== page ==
Bringing Your Team to Life – One Stage at a Time

by | 16 Feb 2024

I find any groups of people or teams fascinating to be a part of and or to watch as they make their way towards achieving visions and goals together that wouldn’t be possible on their own. I’ve been involved in many conversations with leaders as they talk about their teams. And I’m grateful that I know about Tuckman’s stages of group development. I’m surprised I can’t remember where I was when I first learnt about these stages as they have had a profound impact on me and the teams I’ve led. I’ve also used Tuckman’s model of group development as part of my leadership and consulting activities and group trainings and each time people sigh and say Ohhh I get it and can pinpoint exactly what stage their team is operating at right now and where they would like to be. And this then leads on to a session about how to support the team to get there. So today, I want to share these stages with you.

1. What is Tuckman’s Model of Group Stages?

Each great sport’s team needs a coach. This is someone who is able to support the players as individuals and then support them to work well as a team. This can, but usually doesn’t, happen all on its own. The coach’s role is important and is integral to the steady and sustained development of what a team achieves. And the best coaches or team leaders know that groups and teams go through predictable stages of development. I think it’s really useful for everyone in the team to understand these stages, and especially so if you lead a team . So, let’s look at the key stages now.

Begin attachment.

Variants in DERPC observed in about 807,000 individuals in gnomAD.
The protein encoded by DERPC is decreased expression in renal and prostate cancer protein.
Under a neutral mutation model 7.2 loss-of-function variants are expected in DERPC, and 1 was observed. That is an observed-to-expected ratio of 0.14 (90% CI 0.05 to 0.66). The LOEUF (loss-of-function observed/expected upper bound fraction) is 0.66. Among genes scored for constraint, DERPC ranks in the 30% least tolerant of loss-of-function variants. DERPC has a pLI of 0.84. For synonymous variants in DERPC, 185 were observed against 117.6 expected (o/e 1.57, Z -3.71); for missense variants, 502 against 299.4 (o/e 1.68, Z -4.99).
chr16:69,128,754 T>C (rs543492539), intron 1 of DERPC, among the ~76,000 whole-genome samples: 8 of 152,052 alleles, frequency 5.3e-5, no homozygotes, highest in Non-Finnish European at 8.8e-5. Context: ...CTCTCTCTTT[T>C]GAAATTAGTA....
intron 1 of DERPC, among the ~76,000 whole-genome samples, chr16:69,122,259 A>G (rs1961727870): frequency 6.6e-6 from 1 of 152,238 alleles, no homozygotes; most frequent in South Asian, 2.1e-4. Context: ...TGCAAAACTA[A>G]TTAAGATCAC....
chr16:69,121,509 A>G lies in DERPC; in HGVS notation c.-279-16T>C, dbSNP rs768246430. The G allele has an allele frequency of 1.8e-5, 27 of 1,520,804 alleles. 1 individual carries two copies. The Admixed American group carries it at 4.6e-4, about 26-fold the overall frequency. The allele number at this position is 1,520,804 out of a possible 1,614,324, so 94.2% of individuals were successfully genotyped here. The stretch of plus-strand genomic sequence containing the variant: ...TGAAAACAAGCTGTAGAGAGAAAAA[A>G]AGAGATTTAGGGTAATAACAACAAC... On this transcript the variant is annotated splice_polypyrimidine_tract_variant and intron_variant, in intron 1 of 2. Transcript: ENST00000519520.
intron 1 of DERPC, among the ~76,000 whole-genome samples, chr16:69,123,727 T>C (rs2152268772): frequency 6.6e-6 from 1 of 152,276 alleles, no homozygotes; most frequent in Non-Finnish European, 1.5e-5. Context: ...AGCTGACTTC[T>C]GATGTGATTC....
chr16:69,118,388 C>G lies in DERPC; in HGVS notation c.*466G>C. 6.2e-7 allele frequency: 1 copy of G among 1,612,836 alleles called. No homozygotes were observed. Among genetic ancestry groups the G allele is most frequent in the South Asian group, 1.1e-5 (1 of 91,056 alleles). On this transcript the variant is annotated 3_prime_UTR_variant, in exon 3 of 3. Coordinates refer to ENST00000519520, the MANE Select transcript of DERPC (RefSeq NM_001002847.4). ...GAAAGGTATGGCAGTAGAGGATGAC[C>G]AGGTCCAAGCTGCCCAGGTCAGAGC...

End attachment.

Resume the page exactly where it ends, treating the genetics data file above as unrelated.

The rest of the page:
2. How to use Tuckman’s Stages of Group Development as a Tool

It’s great to know the predictable stages of a group’s development. And what’s even more important is how to use these stages to advantage. Here’s a suggested way to do just that.

  1. Identify the stage that your team is at from the descriptions above.
  2. Consider what you need to do to support individuals and your team to move on to the next stage.
  3. Facilitate regular reviews of where your team is at, and then adjust your leadership behaviour and your leadership approach to support individuals and the team as whole to move through the predictable stages.

Always remember too that the stages aren’t a one way street. The team is likely to go back and forth between the states depending on things like when a person leaves or joins the team or when the team is faced with a major change. I have seen time and time again how team leaders effortlessly support their team once they know the predictable behaviours and stages a team will go through.